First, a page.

Given that a lot of us are struggling to get corn in I thought I’d share this article from Successful Farmer on why waiting for things to dry out, even with as late as it is, is better than trying to mud in your seed. The article mainly focuses on yields and financial reasons for delaying, but there are safety reasons for waiting too. On the financial side, corn can still reach 100% of its yield if it’s planted in late May, and it’s possible to switch to shorter season seeds and get good yields planting even in early June. Planting when the ground is too wet can harm yields and we’re not at the point yet where time loss would affect yield worse than putting it in the ground when it’s too wet. On the safety side of things, mud can cause stuck equipment and make surfaces slick, which can in turn lead to injury. I know everything is wet and everyone is running late, and that can be incredibly frustrating, but the benefits of waiting until the field is dry enough outweigh the risks in terms of yield and in terms of safety.
Here is an article by Living the Country Life about avoiding fatigue during long days on the tractor. With planting season upon us, and especially given that a lot of us got a late start this year, there is a lot of pressure to spend every minute possible putting seed in the ground. No matter what your job is, taking a 10 minute break every few hours helps prevent mistakes. This is admittedly something I’m guilty of too. I spent 5 hours straight grading exams a week or so ago and then had to spend another 1 1/2 hours later in the week double checking some of my work because after about the 3 hour mark I started making mistakes. Tractor driving fatigue can result in less than optimal performance, and can also have serious consequences when it comes to safety. Recharging yourself mentally doesn’t take long. Either short 5 minute breaks every hour or longer 10-15 minute breaks every 2 or 3 hours is enough help clear your head, and can also help prevent back pain, hearing damage, and other issues associated with sitting in a loud vibrating environment for hours on end. You can also think of a tractor break as an opportunity to take care of other kinds of tasks. Make some phone calls, check the weather or markets, have some water or a snack, walk around and check your equipment (spotting problems early can also save time, save money, and improve safety). Taking a break from driving doesn’t mean that you have to sit and do nothing. In fact, doing something that involves getting up and moving around is better than doing nothing during a break.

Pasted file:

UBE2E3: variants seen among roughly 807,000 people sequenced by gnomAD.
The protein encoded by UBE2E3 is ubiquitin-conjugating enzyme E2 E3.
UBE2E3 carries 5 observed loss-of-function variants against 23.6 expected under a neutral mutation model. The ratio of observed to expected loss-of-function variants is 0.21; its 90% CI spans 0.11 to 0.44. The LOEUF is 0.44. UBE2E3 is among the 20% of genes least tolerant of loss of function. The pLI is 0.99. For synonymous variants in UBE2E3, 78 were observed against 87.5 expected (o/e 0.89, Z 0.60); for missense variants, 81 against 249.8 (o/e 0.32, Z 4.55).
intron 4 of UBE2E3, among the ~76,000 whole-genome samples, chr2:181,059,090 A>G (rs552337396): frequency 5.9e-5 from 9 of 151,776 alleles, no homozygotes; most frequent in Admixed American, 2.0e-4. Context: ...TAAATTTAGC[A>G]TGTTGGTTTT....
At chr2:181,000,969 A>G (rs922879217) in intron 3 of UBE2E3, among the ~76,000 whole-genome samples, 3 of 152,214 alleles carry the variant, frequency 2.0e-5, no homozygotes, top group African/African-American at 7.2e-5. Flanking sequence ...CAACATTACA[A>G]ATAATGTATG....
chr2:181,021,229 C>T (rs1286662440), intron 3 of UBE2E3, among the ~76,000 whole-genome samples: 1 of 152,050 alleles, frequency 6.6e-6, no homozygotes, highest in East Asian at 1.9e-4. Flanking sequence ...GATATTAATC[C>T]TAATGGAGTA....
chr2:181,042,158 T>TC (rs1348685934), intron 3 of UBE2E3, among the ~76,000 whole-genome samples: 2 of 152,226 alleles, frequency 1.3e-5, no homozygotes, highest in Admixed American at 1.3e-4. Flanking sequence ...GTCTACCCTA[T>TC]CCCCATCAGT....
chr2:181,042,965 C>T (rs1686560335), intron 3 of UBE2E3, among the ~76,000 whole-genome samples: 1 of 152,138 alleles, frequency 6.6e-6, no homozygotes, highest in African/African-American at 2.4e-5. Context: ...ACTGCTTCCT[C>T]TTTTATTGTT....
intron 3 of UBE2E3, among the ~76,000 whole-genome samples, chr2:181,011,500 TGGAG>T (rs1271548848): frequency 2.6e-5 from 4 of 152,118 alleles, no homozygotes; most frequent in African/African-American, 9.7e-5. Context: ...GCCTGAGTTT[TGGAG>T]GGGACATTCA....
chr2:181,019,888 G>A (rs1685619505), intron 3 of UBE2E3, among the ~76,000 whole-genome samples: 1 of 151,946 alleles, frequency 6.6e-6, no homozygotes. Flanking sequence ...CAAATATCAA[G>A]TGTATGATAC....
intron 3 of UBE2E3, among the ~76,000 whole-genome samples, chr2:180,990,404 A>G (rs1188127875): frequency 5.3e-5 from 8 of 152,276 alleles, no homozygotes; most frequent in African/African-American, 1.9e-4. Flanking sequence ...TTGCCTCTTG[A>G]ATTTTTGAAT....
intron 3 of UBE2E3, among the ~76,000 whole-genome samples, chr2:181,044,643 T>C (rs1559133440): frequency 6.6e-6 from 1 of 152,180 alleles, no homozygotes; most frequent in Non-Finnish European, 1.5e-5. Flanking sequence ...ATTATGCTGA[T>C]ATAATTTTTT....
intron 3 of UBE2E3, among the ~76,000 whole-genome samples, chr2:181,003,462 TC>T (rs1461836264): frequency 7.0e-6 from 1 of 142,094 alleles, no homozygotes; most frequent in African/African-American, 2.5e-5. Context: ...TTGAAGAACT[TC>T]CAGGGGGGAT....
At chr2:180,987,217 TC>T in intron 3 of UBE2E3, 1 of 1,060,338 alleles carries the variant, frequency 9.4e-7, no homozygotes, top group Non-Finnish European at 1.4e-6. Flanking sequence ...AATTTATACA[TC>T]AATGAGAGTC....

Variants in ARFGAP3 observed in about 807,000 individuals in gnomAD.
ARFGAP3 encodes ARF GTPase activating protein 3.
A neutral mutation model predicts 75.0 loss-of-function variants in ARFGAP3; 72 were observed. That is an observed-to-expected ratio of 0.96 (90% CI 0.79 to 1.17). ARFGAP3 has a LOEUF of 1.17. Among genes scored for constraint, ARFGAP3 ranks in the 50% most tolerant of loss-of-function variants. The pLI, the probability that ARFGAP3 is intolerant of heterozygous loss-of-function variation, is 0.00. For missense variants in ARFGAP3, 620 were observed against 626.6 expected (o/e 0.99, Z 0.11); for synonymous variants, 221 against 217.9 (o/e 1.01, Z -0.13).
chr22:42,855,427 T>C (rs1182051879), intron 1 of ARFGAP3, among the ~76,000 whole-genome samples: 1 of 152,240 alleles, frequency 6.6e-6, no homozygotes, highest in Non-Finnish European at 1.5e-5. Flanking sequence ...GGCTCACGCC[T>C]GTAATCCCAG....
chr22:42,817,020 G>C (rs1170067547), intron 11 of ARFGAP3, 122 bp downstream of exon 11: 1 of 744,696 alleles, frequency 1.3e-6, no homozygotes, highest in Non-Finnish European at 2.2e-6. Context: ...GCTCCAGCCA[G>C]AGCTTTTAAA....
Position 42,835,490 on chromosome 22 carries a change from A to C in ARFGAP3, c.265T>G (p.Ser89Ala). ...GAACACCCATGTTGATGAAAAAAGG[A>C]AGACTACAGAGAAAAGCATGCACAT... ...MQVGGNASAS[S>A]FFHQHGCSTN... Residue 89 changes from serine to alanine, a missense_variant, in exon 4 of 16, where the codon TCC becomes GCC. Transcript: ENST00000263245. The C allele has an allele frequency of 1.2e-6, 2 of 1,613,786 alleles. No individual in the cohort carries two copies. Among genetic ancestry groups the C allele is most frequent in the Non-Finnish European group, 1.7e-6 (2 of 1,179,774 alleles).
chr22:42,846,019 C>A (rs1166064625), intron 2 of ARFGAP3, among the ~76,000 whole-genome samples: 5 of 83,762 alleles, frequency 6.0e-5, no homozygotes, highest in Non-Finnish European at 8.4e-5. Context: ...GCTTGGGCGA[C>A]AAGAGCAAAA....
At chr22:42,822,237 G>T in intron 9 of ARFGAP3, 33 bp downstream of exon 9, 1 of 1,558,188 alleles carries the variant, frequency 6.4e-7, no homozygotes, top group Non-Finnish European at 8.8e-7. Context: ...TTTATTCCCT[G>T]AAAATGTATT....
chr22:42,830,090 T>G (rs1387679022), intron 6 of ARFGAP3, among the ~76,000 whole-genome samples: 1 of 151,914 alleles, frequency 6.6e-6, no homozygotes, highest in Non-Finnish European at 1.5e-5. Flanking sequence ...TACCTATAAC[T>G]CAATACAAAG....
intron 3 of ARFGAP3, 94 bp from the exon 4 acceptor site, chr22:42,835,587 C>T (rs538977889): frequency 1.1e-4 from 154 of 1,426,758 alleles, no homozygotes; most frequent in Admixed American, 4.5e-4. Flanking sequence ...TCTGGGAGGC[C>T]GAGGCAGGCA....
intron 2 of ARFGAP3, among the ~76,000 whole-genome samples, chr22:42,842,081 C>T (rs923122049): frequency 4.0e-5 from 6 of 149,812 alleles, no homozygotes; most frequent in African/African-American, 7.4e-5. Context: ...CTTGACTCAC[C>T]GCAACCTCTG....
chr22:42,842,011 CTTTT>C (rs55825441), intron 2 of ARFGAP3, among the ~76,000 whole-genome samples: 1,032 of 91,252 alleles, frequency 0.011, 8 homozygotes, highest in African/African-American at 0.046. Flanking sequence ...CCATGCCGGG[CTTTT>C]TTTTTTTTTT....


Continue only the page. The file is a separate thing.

Here is the link to the original article:
Continuing the theme of planting safety, I thought I’d share this article from Farm Progress about some of the hazards of seed coatings. These coatings can drastically improve yields, but some of them, especially some of the insecticides, aren’t good for people.
Click here for the Farm Progress article:
The first step of handling coated seeds safely is to make sure you read the labels of every type of seed before you use it. Even if you have used the same type of seed in previous years, it helps to double check to refresh your memory and to make sure nothing has changed. Different coatings require different levels of protection. Some coatings are safe to handle while others can cause short or long term health problems. Reading and following the instructions on the bag will prevent most problems that can come from handling coated seed.
The main way to avoid exposure to seed coatings is to protect yourself with long sleeves, chemical resistant gloves, and a respirator with an R or P type filter. The type of filter matters because each one contains a different set of layers and chemical treatments designed to neutralize a specific set of chemicals in the environment. Wearing a regular dust mask can improve comfort levels, but it won’t be able to filter out the free floating molecules that aren’t stuck to the larger pieces of dust.
Also, be careful how you deal with clothing that has been worn to handle seed. The dust and residue really sticks in clothing, so if you go from the field to the house you’re bringing all of that in with you and then it sticks around in your house. I have a classmate that studies secondary exposures to agricultural chemicals and unless everyone who handles chemicals changes and washes up every time they come in the house, she is able to detect them everywhere, including cooking surfaces, clothing, furniture, kids’ toys…Ideally if you can rinse your gloves outside before you take them off then have a way to change and take a shower before you go back in the house that’s best, but even changing into a different set of clothes in the mudroom or garage has a huge impact on the amount of residue being dragged in. Also, if you don’t do so already, make sure that outdoor clothes get washed separately from indoor clothes. Washing helps a lot, but short of a professional cleaning it’s impossible to get all of the residue out and anything that gets put in the same load winds up with some of the residue.